Liuba Grechen Shirley, Democratic primary candidate for U.S. Congress NY...

Liuba Grechen Shirley, Democratic primary candidate for U.S. Congress NY 2nd District. Credit: James Escher

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Pencil Point

Eye of the storm

More cartoons of the week

Daily Point

Nabbing the spotlight

Congressional challenger Liuba Grechen Shirley scored a big print platform Monday: She was pictured at the bottom of The Washington Post’s front page, next to the headline “Super-viral campaign ads.”

It was a tease for an article in the Post’s Style section that details the creation of Grechen Shirley’s ad “Personal” and uses it as a prime example of the digitally viral ads that candidates are using to introduce themselves to voters without paying for TV. Other candidates such as Alexandria Ocasio-Cortez of the Bronx are mentioned, but the article focuses mostly on Grechen Shirley (the Post was in Grechen Shirley’s house as the ad was being filmed this summer).

The placement is another example of national coverage for Rep. Pete King’s challenger, who nabbed the spotlight in the spring for her push to get the Federal Election Commission to allow her to use campaign funds for child care. Her team seems to be savvy at plugging Grechen Shirley’s name into the national conversation. According to her campaign, media agency WIN, which created the “Personal” ad, was the link with The Washington Post. The agency is led by campaign gurus Bill Hyers and Matt McLaughlin and has created high-profile ads for candidates like Wisconsin’s House candidate Randy Bryce and New York gubernatorial challenger Cynthia Nixon.

Will the good press get Grechen Shirley more help from the coffers of Washington’s movers and shakers? The Democratic Congressional Campaign Committee just announced more support for Grechen Shirley’s neighboring Democrat, Perry Gershon, who is challenging Rep. Lee Zeldin.

Mark Chiusano

Talking Point

GOP gets on board

Perhaps State Senate Majority Leader John Flanagan is taking a page from Cynthia Nixon’s playbook.

Nixon, after all, made New York City subway service problems a key issue during her primary campaign.

And now, it seems the Long Island Rail Road is going to become Flanagan’s latest political football.

On Monday morning, Flanagan, flanked by his fellow Long Island Senate Republicans, held a news conference at the Bethpage LIRR station and suggested that the Metropolitan Transportation Authority shouldn’t hike LIRR fares “until service improves.” A sign on the podium declared that the “Senate Republican Conference” was “Protecting LIRR Riders.”

It seems like an easy campaign issue — and it’s one Republican gubernatorial candidate Marc Molinaro also has picked up as part of his broader proposals to fix the MTA.

But bashing the LIRR is a nonpartisan issue.

Democratic State Sen. Todd Kaminsky issued a news release Monday agreeing with the fare freeze, but calling his Republican colleagues “incredibly cynical and rich” for getting involved in the issue now.

Kaminsky is set to release results Tuesday of an LIRR service survey he issued that asked more than 550 riders, among other things, whether they were satisfied with the railroad’s service and whether they were getting their “money’s worth.” And for Kaminsky, this isn’t a new issue. Back in January, when LIRR service was particularly atrocious, Kaminsky was the only member of the Long Island delegation to attend budget hearing testimony by MTA Chairman Joseph Lhota, and the only state senator to grill Lhota about the LIRR.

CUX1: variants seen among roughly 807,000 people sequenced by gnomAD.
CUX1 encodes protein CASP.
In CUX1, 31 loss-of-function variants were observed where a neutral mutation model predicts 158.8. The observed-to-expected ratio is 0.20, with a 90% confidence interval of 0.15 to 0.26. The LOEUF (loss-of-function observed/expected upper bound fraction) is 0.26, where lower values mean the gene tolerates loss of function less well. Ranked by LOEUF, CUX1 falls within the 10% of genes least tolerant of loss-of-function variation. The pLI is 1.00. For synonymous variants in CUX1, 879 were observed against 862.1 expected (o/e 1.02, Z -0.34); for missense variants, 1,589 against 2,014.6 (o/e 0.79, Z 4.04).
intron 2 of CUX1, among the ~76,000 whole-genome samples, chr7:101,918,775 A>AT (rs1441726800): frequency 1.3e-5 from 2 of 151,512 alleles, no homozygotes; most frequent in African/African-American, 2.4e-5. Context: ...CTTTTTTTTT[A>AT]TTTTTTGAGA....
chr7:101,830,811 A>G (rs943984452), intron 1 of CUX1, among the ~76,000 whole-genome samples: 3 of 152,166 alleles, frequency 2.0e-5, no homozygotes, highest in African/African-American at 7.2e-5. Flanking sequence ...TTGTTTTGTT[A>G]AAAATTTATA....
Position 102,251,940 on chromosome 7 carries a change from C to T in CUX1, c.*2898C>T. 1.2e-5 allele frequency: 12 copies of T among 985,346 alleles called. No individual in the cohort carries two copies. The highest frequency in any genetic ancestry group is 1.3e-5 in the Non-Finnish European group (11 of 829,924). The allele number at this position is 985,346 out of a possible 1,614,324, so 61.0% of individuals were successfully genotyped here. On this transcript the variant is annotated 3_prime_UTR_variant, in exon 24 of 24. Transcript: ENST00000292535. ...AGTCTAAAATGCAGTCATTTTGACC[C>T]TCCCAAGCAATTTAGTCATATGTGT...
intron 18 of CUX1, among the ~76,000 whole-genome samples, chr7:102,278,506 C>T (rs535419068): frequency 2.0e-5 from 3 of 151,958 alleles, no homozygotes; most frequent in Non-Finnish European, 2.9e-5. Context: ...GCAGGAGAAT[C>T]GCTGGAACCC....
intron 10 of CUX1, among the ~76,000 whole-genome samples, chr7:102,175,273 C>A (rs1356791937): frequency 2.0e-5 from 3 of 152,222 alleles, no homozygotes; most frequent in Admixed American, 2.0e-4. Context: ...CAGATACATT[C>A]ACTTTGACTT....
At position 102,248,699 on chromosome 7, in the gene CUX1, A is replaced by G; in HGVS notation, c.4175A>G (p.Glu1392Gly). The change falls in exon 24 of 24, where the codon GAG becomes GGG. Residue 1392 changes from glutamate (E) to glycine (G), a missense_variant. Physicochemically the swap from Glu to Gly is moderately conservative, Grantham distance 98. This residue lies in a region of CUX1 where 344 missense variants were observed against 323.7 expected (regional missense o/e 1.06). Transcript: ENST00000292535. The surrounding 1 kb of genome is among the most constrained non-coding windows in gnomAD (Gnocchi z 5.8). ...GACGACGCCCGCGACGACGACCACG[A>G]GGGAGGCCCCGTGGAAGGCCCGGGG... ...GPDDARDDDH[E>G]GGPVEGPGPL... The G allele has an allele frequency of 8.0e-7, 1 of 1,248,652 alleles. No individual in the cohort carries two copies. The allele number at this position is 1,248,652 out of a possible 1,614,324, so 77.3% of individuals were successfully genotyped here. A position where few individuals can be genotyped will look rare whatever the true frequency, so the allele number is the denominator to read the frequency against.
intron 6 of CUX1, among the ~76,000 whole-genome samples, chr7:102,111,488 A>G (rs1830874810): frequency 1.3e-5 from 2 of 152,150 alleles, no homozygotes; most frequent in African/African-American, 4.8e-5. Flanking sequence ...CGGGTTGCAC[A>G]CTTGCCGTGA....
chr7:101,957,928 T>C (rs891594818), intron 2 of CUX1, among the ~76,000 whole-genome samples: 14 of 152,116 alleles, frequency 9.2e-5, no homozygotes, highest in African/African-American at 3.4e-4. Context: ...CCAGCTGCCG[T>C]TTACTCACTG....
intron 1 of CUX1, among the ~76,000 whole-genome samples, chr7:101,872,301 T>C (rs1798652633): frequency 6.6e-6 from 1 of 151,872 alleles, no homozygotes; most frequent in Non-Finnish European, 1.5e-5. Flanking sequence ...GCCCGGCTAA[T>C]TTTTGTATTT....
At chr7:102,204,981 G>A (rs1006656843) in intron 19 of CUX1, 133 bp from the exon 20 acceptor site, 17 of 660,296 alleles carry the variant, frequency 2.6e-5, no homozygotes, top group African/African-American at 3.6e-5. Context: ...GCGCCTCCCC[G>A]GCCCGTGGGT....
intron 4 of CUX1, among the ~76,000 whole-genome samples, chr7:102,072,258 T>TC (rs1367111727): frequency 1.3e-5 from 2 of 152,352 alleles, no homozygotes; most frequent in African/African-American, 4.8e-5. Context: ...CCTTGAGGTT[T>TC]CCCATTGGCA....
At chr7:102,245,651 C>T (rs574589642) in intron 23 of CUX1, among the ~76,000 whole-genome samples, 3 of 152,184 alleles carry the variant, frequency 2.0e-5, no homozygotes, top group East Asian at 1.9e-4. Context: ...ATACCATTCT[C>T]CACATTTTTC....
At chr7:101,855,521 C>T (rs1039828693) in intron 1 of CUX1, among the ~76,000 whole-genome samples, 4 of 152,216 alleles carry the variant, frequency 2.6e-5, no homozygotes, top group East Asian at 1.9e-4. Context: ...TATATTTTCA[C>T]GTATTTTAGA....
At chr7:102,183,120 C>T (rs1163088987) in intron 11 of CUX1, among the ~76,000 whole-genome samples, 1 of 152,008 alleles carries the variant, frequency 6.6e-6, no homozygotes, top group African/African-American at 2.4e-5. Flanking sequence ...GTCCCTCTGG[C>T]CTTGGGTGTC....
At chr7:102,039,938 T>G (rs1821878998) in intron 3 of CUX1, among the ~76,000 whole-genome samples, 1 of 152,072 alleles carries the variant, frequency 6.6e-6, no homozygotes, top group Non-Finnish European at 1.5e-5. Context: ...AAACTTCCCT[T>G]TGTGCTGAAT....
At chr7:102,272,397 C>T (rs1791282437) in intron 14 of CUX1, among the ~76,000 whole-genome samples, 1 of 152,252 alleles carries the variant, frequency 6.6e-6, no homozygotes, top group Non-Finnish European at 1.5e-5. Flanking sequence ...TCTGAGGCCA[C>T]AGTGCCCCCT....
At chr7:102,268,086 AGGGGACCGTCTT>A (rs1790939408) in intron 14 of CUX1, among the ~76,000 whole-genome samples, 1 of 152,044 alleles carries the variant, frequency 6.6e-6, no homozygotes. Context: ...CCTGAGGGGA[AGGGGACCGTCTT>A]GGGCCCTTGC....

Nine months later, it seems the Republicans are hoping to catch that train, too.

Randi F. Marshall

Quick Points

Opting out

  • President Donald Trump has grown increasingly wary of Defense Secretary Jim Mattis, new reporting shows, irritable about praise of Mattis as the adult in the room and worried that he is a Democrat at heart. Trump was one of those himself, but never the other.
  • With the state Education Department and Board of Regents apparently set to eliminate proposed financial penalties for school districts with high numbers of students declining to take state tests, it seems the state has decided to opt out of tougher opt out rules.
  • President Donald Trump’s lawyer Rudy Giuliani said Paul Manafort’s cooperation with special counsel Robert Mueller has nothing to do with Trump’s campaign. Manafort and Mueller might have a different opinion.
  • Sen. John N. Kennedy (R-La.) said Sunday that so far the Brett Kavanaugh confirmation process has been “an intergalactic freak show.” Now that a woman accusing Kavanaugh of sexual misconduct when both were teens has come forward and is willing to testify, and Kavanaugh has said he’s willing to retestify, one wonders what is wilder than an intergalactic freak show?
  • New York’s rising progressive star Alexandria Ocasio-Cortez declined to answer a question about where she planned to find an unaccounted-for $38 trillion needed over 10 years to fund her campaign pledges. It’s a lot more fun to be promising than delivering.
  • Is there any high-level Trump campaign aide or close associate who is not cooperating with Robert Mueller? No, family doesn’t count.
  • As a test of character, Cincinnati police and fire department applicants have to answer questions about their most unusual sex acts and how many times they’ve had sex in a public place. No, it’s not pass-fail. And they’re not being graded on a curve.

Michael Dobie